The Stream, January 17: China’s Infrastructure Initiative Could Help Develop Resilience for Cities in Asia
The Global Rundown
Cities in Asia grappling with growing populations may benefit from China’s infrastructure initiative. Minnesota’s governor unveils a $1.54 billion dollar infrastructure plan. Researchers associate an outbreak of bird deaths in Lake Michigan to algae and warmer waters. The EU launches a plastic strategy to combat plastic waste. “Day Zero,” the day Cape Town, South Africa, may cut water to residents, has been moved forward.
“Changing the paradigm in terms of how our cities live and build with water – as they’re also facing a changing climate – is the number one challenge.” —Lauren Sorkin, regional director for Asia Pacific at 100RC, referring to how China’s “Belt and Road” initiative to invest in global infrastructure projects may help cities in Asia build their resilience. The Asian Development Bank currently predicts that the region needs to spend $1.7 trillion from now until 2030 to meet its infrastructure needs. Reuters
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By The Numbers
55 percent Proportion of plastic bags the EU wants recycled by 2030. The EU has launched a strategy designed to change plastic use behavior in Europe and modernize plastic production and collection. The Guardian
$1.54 billion Proposed infrastructure budget by Minnesota Governor Mark Dayton. $998 million of this budget would be allocated for clean water, state buildings, affordable housing, and other projects in Minnesota. Reuters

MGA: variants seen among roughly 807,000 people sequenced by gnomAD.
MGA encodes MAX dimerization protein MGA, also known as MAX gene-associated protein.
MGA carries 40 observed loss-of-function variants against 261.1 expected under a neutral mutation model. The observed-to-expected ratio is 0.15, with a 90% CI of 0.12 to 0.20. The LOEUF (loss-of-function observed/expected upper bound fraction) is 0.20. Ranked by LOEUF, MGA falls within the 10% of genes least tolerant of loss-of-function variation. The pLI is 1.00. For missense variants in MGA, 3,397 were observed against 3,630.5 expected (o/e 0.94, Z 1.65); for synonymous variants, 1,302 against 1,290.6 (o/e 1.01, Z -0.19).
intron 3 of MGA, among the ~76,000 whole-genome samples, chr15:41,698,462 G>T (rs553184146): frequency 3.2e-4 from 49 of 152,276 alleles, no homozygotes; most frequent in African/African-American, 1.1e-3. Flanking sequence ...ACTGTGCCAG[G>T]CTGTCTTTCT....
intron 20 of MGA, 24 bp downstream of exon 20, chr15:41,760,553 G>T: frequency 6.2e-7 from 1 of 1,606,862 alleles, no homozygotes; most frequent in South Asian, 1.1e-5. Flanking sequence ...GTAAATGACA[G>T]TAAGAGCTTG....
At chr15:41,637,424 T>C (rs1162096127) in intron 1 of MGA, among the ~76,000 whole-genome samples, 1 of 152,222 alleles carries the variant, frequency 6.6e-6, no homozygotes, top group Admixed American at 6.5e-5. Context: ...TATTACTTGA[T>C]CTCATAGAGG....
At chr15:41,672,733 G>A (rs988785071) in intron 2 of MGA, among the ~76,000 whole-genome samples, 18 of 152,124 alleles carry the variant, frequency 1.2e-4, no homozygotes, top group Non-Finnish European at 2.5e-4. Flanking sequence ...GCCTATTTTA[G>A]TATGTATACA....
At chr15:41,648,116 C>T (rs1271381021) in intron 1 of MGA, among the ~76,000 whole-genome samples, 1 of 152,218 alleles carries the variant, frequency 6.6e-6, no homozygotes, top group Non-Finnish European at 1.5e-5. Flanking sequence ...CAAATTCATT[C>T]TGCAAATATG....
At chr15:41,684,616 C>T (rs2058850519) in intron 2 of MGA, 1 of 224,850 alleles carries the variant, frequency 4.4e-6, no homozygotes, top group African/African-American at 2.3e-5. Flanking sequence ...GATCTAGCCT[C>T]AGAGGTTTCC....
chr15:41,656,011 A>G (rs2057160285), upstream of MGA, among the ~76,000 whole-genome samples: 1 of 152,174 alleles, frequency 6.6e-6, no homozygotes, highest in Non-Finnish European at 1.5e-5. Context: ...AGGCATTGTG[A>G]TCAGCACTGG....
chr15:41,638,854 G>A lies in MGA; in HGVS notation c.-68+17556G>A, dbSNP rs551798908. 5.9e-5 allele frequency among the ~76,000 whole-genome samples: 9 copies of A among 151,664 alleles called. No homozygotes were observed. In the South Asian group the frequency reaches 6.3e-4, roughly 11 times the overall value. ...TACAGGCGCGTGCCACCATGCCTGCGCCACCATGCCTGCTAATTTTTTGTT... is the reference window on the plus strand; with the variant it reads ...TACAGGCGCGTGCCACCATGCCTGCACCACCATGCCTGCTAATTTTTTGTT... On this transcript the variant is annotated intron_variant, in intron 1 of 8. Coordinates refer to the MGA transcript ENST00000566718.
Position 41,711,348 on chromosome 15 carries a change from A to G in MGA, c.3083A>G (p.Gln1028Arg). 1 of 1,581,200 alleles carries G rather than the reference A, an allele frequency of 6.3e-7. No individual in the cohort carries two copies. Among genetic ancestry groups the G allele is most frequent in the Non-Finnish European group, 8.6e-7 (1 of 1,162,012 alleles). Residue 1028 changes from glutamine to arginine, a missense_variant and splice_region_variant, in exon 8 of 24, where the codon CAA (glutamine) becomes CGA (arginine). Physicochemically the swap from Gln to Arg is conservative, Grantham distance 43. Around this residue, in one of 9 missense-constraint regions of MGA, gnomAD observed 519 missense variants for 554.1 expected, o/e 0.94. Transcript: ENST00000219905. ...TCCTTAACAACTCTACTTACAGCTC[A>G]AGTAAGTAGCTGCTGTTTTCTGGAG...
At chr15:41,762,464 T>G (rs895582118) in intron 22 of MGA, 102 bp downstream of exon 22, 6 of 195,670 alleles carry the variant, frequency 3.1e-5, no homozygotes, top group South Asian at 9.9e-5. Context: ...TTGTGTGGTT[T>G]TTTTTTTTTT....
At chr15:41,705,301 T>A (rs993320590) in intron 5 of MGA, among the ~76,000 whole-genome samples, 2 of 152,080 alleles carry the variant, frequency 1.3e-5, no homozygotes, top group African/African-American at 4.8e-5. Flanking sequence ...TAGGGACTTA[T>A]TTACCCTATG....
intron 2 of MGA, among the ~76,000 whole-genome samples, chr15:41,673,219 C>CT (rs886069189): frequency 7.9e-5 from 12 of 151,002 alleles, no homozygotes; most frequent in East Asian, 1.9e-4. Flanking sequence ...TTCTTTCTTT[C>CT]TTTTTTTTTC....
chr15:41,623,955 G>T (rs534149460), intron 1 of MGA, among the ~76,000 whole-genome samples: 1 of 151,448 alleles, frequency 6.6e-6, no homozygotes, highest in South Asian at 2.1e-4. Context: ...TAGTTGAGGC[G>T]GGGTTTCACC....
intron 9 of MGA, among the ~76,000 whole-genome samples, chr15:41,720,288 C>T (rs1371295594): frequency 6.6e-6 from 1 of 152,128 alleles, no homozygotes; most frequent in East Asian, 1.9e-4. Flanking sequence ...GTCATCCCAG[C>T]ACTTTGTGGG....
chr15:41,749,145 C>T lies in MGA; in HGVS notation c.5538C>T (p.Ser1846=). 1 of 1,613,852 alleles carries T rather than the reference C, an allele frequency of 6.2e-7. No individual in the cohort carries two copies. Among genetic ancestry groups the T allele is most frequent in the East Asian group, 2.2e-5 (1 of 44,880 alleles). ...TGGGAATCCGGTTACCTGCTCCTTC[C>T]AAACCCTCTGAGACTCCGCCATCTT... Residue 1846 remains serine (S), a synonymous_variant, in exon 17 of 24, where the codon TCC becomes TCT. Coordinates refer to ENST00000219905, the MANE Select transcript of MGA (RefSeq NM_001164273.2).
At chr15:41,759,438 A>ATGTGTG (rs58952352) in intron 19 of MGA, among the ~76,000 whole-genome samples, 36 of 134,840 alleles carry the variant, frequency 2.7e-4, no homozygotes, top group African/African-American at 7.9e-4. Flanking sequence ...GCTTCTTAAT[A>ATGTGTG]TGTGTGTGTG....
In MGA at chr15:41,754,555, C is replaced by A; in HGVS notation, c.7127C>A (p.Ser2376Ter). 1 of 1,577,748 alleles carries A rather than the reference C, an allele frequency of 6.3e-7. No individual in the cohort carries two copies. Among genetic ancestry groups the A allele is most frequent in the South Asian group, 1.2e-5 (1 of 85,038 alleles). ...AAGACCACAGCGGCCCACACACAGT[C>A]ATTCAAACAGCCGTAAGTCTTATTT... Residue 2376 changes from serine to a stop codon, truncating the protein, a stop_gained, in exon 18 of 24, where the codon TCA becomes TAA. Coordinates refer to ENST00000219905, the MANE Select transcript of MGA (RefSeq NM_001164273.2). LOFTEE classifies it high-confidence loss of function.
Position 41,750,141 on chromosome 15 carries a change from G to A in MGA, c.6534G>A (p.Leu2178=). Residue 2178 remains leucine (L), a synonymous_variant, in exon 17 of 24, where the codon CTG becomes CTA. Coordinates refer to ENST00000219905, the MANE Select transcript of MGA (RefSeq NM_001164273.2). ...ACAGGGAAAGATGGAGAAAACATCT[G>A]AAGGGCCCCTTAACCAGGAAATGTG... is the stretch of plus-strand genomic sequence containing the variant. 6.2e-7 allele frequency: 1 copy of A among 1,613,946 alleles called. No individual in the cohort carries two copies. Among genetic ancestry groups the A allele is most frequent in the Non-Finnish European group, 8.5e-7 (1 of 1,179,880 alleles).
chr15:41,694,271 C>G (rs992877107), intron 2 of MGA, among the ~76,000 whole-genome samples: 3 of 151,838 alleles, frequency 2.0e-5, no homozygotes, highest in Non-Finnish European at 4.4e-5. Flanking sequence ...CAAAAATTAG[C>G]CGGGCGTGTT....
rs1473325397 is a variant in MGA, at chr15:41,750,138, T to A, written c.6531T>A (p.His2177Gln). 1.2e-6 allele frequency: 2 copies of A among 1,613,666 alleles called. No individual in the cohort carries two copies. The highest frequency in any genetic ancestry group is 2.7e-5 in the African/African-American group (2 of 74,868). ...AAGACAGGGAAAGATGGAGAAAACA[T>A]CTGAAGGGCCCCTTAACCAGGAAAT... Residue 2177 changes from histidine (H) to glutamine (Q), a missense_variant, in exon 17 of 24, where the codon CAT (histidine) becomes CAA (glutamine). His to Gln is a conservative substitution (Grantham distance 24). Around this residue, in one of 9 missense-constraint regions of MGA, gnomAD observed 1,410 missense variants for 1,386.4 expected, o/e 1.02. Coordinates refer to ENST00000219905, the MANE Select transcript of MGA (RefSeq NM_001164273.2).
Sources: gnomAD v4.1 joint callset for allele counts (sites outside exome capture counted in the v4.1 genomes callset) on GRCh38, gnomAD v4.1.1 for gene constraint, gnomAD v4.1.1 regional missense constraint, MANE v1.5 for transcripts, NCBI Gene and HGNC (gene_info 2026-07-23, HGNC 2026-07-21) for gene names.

In context: What not to ignore about water infrastructure.
Science, Studies, And Reports
A study by the University of Wisconsin-Madison and the U.S. Geological Survey found that warmer water in Lake Michigan could lead to more bird deaths. The warmer water encourages the growth of toxic algae, leading to outbreaks of botulism that affect the birds. Wisconsin Public Radio
In context: Record heat in 2016 broke lake temperatures too.
On The Radar
The city of Cape Town, South Africa, has moved the date it may cut water to residents forward to April 21, according to the city’s website. Storage levels in the dams that supply the city are down to 28.7 percent. Bloomberg
In context: Cape Town’s “day zero” approaches.
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